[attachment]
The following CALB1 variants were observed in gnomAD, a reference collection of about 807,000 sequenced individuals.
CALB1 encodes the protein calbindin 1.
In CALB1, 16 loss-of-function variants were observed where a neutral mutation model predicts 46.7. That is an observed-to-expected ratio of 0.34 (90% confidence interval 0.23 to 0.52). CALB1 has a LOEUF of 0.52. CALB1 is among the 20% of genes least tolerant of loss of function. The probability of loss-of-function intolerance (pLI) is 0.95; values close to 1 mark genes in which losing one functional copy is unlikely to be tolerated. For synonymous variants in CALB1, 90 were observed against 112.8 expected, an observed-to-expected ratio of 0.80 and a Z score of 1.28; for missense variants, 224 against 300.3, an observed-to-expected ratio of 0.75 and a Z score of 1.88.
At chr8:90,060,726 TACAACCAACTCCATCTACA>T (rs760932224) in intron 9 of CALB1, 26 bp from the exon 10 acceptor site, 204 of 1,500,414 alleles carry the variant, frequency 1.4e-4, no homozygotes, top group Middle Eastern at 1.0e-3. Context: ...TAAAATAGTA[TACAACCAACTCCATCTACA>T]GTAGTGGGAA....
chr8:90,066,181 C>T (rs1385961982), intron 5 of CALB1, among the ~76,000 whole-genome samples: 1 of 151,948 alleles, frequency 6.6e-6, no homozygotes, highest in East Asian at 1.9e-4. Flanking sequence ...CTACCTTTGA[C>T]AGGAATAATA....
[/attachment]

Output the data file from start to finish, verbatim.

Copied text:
The following CALB1 variants were observed in gnomAD, a reference collection of about 807,000 sequenced individuals.
CALB1 encodes the protein calbindin 1.
In CALB1, 16 loss-of-function variants were observed where a neutral mutation model predicts 46.7. That is an observed-to-expected ratio of 0.34 (90% confidence interval 0.23 to 0.52). CALB1 has a LOEUF of 0.52. CALB1 is among the 20% of genes least tolerant of loss of function. The probability of loss-of-function intolerance (pLI) is 0.95; values close to 1 mark genes in which losing one functional copy is unlikely to be tolerated. For synonymous variants in CALB1, 90 were observed against 112.8 expected, an observed-to-expected ratio of 0.80 and a Z score of 1.28; for missense variants, 224 against 300.3, an observed-to-expected ratio of 0.75 and a Z score of 1.88.
At chr8:90,060,726 TACAACCAACTCCATCTACA>T (rs760932224) in intron 9 of CALB1, 26 bp from the exon 10 acceptor site, 204 of 1,500,414 alleles carry the variant, frequency 1.4e-4, no homozygotes, top group Middle Eastern at 1.0e-3. Context: ...TAAAATAGTA[TACAACCAACTCCATCTACA>T]GTAGTGGGAA....
chr8:90,066,181 C>T (rs1385961982), intron 5 of CALB1, among the ~76,000 whole-genome samples: 1 of 151,948 alleles, frequency 6.6e-6, no homozygotes, highest in East Asian at 1.9e-4. Flanking sequence ...CTACCTTTGA[C>T]AGGAATAATA....